The European Court of Justice (ECJ) has clarified the method for assessing challenges to the validity of community design rights in Karen Millen Fashion’s seven year-long case against Irish chain store, Dunnes Stores.
For a design to be protected under the European Community regime, it must not previously have been made available to the public. In addition, it must have ‘individual character’ in the sense that it creates a different overall impression on users by comparison to other designs already on the market.
Karen Millen Fashions had designed a striped ladies’ shirt and top, which Dunnes Stores copied and sold in its Irish stores. Karen Millen therefore claimed its unregistered community design rights had been infringed. Despite admitting to having copied the garment however, Dunnes denied any infringement on the basis that:
a) Karen Millen’s design was just a combination of various features present in a range of designs already on the market, and therefore did not satisfy the ‘individual character’ test; and
b) Karen Millen was required - and had failed - to prove individual character in elements of the garments.
The ECJ rejected both of the above arguments. It confirmed that when considering the individual character of a design it can be compared only with any one specific pre-existing design at a time to question whether it creates a different overall impression on users. It is therefore wrong for infringers to question the originality of a design by ‘cherry-picking’ features from a range of pre-existing designs and comparing the hypothetical mismatched result to the Claimant’s design.
On the second argument, the Court explained that whilst an unregistered community design holder must be clear about what element(s) of its design it believes has individual character, it is not necessary to prove such individual character. The alleged infringer wishing to challenge the validity of the design on that basis can of course do so, but it is for them to produce the evidence to support such a challenge.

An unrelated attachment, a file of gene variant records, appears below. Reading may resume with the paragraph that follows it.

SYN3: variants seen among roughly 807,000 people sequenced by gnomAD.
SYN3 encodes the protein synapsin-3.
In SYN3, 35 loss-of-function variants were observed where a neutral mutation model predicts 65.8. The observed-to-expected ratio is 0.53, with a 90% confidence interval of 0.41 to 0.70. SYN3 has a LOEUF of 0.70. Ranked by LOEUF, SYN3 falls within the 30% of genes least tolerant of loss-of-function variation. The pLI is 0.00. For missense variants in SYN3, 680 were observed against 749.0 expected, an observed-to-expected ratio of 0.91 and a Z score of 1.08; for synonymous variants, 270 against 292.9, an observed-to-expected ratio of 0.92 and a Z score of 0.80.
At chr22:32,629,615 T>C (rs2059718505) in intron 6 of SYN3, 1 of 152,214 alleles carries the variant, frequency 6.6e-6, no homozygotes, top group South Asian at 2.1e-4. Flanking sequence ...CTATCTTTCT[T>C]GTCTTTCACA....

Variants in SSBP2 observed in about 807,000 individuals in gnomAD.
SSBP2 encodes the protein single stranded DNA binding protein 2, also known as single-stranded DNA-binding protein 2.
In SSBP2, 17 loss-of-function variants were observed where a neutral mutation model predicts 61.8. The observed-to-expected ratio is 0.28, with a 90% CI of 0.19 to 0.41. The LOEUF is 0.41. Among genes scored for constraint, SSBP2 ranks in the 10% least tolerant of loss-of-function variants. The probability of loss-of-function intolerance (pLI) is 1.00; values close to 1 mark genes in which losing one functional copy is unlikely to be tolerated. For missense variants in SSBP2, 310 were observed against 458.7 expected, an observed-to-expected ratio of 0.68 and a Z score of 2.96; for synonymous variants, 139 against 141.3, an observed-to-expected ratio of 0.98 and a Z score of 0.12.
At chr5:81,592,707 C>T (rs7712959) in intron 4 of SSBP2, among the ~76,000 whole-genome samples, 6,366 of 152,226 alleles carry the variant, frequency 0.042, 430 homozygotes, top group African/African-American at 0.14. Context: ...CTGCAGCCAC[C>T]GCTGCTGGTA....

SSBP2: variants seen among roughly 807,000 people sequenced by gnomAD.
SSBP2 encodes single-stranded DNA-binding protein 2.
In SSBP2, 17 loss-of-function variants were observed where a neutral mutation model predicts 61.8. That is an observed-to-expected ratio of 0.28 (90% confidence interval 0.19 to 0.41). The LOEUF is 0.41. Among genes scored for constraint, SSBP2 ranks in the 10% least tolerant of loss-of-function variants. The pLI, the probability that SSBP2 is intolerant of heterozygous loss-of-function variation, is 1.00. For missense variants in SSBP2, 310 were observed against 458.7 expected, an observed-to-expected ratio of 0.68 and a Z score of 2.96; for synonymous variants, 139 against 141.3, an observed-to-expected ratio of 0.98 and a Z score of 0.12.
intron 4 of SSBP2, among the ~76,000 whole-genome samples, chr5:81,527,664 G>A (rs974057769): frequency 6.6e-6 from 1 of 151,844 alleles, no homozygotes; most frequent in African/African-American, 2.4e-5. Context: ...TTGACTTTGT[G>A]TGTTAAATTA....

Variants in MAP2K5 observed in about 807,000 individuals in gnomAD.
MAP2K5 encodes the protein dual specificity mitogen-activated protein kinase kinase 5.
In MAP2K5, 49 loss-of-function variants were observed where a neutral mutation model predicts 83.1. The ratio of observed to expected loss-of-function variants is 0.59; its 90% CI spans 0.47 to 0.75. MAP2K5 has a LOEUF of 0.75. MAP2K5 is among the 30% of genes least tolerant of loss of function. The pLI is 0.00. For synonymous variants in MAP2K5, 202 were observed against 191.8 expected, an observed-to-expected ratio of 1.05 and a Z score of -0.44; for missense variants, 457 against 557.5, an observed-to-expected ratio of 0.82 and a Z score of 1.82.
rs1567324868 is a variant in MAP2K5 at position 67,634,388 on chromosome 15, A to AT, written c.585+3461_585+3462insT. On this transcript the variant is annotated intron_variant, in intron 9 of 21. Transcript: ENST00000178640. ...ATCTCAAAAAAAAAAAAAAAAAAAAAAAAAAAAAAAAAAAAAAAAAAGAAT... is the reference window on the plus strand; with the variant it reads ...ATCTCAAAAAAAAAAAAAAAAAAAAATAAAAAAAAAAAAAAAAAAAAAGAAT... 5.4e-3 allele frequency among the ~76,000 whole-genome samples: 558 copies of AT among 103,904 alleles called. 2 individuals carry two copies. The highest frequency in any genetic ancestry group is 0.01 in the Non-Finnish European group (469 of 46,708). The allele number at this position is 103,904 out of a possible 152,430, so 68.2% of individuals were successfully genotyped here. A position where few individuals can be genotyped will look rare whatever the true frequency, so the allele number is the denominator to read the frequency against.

This decision will be welcomed by designers, applying a pragmatic approach to the tests applicable should they need to enforce rights connected with their creative labour.
It is nevertheless important for designers to ensure they keep proper audit trails of their design process. For example, by dating all design drawings and plans when created and being clear about what part(s) of their designs embody the fruits of their creative talents. Likewise, be aware that relying on unregistered design rights will provide a much shorter period of protection by comparison to those which are registered. This is particularly relevant for designs whose public appeal is likely to be long lasting.
Taylors’ Intellectual Property team, led by Tony Catterall, is recognised nationally and internationally for its expertise and experience in protecting and enforcing the rights of designers, particularly in the textiles, fashion and home furnishings sectors. It has won many notable and key cases in the High Court, Court of Appeal and Supreme Court against major corporates. Taylors is the only North West-based firm to have been appointed as a Legal Affiliate to the national organisation, Anti-Copying in Design (ACID).
If you have any queries, please do not hesitate to contact Tony Catterall, Head of our Intellectual Property team, on 0844 8000 263 or via email at firstname.lastname@example.org